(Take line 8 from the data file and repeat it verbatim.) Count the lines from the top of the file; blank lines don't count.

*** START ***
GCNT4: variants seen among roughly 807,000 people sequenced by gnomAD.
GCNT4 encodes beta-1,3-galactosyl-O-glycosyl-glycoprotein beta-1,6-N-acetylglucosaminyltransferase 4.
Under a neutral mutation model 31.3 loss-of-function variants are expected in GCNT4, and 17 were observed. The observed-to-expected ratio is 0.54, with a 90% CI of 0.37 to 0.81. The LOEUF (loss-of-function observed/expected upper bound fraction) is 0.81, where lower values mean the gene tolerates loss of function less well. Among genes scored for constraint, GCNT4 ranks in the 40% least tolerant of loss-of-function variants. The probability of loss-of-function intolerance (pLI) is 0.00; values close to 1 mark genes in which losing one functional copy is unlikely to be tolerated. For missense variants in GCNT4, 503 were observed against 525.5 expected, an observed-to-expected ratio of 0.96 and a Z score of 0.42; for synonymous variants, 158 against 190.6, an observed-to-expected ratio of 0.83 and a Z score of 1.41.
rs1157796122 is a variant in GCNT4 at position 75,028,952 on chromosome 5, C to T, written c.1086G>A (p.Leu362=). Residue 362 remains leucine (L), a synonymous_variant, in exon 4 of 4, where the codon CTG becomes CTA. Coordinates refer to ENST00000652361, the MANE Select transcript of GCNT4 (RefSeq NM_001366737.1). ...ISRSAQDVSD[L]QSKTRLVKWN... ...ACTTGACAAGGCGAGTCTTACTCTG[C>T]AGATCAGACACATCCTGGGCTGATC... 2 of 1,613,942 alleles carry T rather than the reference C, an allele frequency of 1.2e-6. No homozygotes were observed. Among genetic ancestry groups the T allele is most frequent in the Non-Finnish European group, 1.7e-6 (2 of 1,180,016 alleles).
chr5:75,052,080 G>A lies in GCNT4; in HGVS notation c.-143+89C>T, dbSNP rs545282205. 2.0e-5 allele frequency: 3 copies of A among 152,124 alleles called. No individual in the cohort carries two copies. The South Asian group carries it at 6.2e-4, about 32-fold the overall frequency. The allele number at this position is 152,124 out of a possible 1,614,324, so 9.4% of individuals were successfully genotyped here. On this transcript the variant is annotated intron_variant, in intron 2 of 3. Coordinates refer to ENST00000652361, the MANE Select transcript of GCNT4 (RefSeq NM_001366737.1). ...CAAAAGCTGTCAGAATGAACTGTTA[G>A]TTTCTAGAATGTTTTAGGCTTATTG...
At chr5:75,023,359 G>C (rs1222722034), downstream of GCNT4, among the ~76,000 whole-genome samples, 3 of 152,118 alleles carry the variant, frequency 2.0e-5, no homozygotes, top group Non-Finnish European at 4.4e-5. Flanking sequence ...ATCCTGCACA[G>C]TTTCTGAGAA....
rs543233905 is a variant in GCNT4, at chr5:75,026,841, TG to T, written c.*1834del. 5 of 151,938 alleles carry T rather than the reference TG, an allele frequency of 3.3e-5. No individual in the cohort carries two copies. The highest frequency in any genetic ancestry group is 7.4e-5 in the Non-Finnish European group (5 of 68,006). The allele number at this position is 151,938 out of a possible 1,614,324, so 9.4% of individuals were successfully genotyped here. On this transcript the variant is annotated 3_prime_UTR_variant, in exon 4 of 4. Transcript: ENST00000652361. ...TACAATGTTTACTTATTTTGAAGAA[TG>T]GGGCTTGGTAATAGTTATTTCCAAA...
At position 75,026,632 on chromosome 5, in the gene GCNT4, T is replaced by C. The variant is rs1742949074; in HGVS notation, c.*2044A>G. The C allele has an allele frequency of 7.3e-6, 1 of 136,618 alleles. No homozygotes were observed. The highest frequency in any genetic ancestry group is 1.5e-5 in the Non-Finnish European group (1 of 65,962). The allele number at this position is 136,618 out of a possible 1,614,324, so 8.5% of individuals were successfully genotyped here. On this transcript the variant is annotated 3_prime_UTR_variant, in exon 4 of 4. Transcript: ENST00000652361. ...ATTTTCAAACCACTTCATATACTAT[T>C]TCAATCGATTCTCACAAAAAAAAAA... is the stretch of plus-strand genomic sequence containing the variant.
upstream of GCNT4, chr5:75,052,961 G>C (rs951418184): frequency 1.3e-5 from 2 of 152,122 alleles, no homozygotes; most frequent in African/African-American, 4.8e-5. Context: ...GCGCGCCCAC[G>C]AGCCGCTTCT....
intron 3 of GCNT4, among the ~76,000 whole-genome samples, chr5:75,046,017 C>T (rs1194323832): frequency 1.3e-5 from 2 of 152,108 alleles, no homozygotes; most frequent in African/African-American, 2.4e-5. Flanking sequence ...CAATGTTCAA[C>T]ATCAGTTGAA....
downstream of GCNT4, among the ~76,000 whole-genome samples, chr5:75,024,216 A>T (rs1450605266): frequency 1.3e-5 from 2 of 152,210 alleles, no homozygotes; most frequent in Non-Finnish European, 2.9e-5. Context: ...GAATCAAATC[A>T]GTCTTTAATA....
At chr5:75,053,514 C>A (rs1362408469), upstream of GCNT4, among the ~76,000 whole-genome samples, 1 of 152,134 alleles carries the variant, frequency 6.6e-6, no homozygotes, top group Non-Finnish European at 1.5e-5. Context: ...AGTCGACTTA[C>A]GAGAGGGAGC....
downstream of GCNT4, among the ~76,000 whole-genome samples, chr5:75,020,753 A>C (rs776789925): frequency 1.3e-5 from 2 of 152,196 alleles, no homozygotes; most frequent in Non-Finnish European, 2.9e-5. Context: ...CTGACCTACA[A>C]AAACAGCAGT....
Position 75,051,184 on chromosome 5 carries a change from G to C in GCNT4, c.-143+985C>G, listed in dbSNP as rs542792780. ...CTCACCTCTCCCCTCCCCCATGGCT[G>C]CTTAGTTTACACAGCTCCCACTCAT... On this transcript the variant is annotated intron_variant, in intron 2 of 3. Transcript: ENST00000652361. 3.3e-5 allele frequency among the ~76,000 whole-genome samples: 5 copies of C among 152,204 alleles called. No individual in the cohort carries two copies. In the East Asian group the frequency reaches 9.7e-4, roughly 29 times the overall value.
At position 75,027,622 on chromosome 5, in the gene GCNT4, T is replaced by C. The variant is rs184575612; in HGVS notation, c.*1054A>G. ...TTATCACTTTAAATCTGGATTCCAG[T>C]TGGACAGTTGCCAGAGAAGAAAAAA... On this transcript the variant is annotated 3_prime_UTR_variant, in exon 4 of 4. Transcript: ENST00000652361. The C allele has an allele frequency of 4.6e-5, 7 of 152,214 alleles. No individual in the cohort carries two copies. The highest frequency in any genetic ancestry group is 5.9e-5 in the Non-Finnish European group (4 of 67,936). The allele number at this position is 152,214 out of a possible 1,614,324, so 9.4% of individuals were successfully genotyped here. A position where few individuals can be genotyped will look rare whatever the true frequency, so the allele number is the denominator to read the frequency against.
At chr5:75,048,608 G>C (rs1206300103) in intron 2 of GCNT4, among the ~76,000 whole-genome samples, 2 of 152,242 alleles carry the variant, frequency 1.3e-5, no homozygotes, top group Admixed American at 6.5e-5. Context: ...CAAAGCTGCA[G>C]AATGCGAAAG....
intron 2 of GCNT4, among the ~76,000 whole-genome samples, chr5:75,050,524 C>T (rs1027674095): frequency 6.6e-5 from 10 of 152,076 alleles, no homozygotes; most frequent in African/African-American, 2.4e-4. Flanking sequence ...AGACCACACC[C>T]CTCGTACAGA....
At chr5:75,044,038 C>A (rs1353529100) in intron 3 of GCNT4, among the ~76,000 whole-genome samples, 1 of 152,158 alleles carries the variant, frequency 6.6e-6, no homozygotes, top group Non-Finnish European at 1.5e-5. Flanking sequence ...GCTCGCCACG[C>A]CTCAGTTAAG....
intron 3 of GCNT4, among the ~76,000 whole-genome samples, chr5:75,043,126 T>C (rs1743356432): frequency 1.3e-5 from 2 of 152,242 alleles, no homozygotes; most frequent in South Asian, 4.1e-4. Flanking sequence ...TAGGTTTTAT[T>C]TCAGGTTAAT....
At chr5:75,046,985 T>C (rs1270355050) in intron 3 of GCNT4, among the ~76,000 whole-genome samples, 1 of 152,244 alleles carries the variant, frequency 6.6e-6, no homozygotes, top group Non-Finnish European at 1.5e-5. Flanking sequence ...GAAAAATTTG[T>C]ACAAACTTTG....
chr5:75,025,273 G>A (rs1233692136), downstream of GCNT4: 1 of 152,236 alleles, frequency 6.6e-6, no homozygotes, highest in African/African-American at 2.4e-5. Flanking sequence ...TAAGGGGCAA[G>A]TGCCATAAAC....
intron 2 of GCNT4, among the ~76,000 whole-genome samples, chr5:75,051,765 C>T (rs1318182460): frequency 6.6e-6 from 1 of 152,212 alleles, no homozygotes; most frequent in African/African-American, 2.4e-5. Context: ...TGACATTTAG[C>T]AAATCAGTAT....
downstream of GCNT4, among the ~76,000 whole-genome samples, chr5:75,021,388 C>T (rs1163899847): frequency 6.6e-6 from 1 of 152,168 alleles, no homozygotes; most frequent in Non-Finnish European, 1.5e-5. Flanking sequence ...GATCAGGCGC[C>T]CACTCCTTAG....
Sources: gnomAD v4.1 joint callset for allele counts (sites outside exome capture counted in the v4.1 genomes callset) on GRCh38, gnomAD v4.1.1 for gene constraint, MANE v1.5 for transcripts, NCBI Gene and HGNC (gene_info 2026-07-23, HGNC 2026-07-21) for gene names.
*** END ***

At position 75,026,632 on chromosome 5, in the gene GCNT4, T is replaced by C. The variant is rs1742949074; in HGVS notation, c.*2044A>G. The C allele has an allele frequency of 7.3e-6, 1 of 136,618 alleles. No homozygotes were observed. The highest frequency in any genetic ancestry group is 1.5e-5 in the Non-Finnish European group (1 of 65,962). The allele number at this position is 136,618 out of a possible 1,614,324, so 8.5% of individuals were successfully genotyped here. On this transcript the variant is annotated 3_prime_UTR_variant, in exon 4 of 4. Transcript: ENST00000652361. ...ATTTTCAAACCACTTCATATACTAT[T>C]TCAATCGATTCTCACAAAAAAAAAA... is the stretch of plus-strand genomic sequence containing the variant.